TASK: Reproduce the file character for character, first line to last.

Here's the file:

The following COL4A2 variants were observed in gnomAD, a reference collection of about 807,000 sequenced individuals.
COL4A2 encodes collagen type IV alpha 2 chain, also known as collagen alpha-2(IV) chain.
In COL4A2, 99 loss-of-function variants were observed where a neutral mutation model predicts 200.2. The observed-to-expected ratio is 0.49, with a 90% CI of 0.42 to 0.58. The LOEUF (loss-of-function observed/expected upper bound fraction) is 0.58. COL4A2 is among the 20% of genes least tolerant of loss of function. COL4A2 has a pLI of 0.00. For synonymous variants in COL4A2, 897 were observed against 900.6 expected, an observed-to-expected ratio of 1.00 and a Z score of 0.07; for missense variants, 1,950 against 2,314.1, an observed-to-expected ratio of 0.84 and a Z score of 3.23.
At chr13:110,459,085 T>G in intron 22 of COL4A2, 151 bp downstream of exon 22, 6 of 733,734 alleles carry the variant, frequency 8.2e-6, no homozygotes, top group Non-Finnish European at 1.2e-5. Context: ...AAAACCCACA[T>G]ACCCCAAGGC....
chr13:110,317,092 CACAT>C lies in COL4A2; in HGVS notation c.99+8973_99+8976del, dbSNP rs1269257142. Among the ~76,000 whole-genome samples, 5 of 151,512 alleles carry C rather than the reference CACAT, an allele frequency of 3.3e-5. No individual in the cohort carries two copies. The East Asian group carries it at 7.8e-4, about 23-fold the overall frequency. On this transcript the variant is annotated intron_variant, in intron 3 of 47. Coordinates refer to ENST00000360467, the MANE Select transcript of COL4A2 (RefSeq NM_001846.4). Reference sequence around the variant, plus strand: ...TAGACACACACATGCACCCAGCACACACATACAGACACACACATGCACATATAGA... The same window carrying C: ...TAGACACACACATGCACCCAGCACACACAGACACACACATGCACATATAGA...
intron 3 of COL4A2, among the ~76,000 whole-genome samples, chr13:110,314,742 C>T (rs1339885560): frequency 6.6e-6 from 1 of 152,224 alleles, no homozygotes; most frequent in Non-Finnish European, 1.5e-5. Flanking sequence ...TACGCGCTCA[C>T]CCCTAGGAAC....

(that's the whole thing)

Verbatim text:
The following COL4A2 variants were observed in gnomAD, a reference collection of about 807,000 sequenced individuals.
COL4A2 encodes collagen type IV alpha 2 chain, also known as collagen alpha-2(IV) chain.
In COL4A2, 99 loss-of-function variants were observed where a neutral mutation model predicts 200.2. The observed-to-expected ratio is 0.49, with a 90% CI of 0.42 to 0.58. The LOEUF (loss-of-function observed/expected upper bound fraction) is 0.58. COL4A2 is among the 20% of genes least tolerant of loss of function. COL4A2 has a pLI of 0.00. For synonymous variants in COL4A2, 897 were observed against 900.6 expected, an observed-to-expected ratio of 1.00 and a Z score of 0.07; for missense variants, 1,950 against 2,314.1, an observed-to-expected ratio of 0.84 and a Z score of 3.23.
At chr13:110,459,085 T>G in intron 22 of COL4A2, 151 bp downstream of exon 22, 6 of 733,734 alleles carry the variant, frequency 8.2e-6, no homozygotes, top group Non-Finnish European at 1.2e-5. Context: ...AAAACCCACA[T>G]ACCCCAAGGC....
chr13:110,317,092 CACAT>C lies in COL4A2; in HGVS notation c.99+8973_99+8976del, dbSNP rs1269257142. Among the ~76,000 whole-genome samples, 5 of 151,512 alleles carry C rather than the reference CACAT, an allele frequency of 3.3e-5. No individual in the cohort carries two copies. The East Asian group carries it at 7.8e-4, about 23-fold the overall frequency. On this transcript the variant is annotated intron_variant, in intron 3 of 47. Coordinates refer to ENST00000360467, the MANE Select transcript of COL4A2 (RefSeq NM_001846.4). Reference sequence around the variant, plus strand: ...TAGACACACACATGCACCCAGCACACACATACAGACACACACATGCACATATAGA... The same window carrying C: ...TAGACACACACATGCACCCAGCACACACAGACACACACATGCACATATAGA...
intron 3 of COL4A2, among the ~76,000 whole-genome samples, chr13:110,314,742 C>T (rs1339885560): frequency 6.6e-6 from 1 of 152,224 alleles, no homozygotes; most frequent in Non-Finnish European, 1.5e-5. Flanking sequence ...TACGCGCTCA[C>T]CCCTAGGAAC....